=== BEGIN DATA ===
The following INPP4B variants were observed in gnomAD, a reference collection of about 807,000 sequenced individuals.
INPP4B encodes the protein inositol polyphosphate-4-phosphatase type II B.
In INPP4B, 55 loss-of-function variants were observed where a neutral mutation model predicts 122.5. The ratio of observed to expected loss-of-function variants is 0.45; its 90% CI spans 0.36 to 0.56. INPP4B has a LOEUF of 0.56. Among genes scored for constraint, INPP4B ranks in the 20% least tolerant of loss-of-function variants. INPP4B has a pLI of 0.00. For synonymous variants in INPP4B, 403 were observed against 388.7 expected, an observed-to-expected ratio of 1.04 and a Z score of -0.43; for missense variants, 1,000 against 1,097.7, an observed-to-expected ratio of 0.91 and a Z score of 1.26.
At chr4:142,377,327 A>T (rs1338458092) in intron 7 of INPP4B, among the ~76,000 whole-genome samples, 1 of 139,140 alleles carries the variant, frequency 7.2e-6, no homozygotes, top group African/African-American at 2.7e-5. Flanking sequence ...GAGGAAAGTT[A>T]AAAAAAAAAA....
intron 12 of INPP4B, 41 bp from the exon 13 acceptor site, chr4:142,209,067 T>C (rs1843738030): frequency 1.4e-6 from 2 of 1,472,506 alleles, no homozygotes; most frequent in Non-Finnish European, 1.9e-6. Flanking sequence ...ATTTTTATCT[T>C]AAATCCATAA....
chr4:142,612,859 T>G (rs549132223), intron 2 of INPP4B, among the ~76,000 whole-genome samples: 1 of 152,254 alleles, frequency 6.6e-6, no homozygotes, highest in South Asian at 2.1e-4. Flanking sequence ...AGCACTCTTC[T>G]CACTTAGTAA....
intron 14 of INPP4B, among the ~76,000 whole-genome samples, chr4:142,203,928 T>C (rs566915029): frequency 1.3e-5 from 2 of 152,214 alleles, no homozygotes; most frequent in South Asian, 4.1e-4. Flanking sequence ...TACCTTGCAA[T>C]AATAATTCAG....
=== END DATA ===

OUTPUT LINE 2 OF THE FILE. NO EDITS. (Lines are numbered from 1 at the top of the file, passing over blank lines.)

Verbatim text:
INPP4B encodes the protein inositol polyphosphate-4-phosphatase type II B.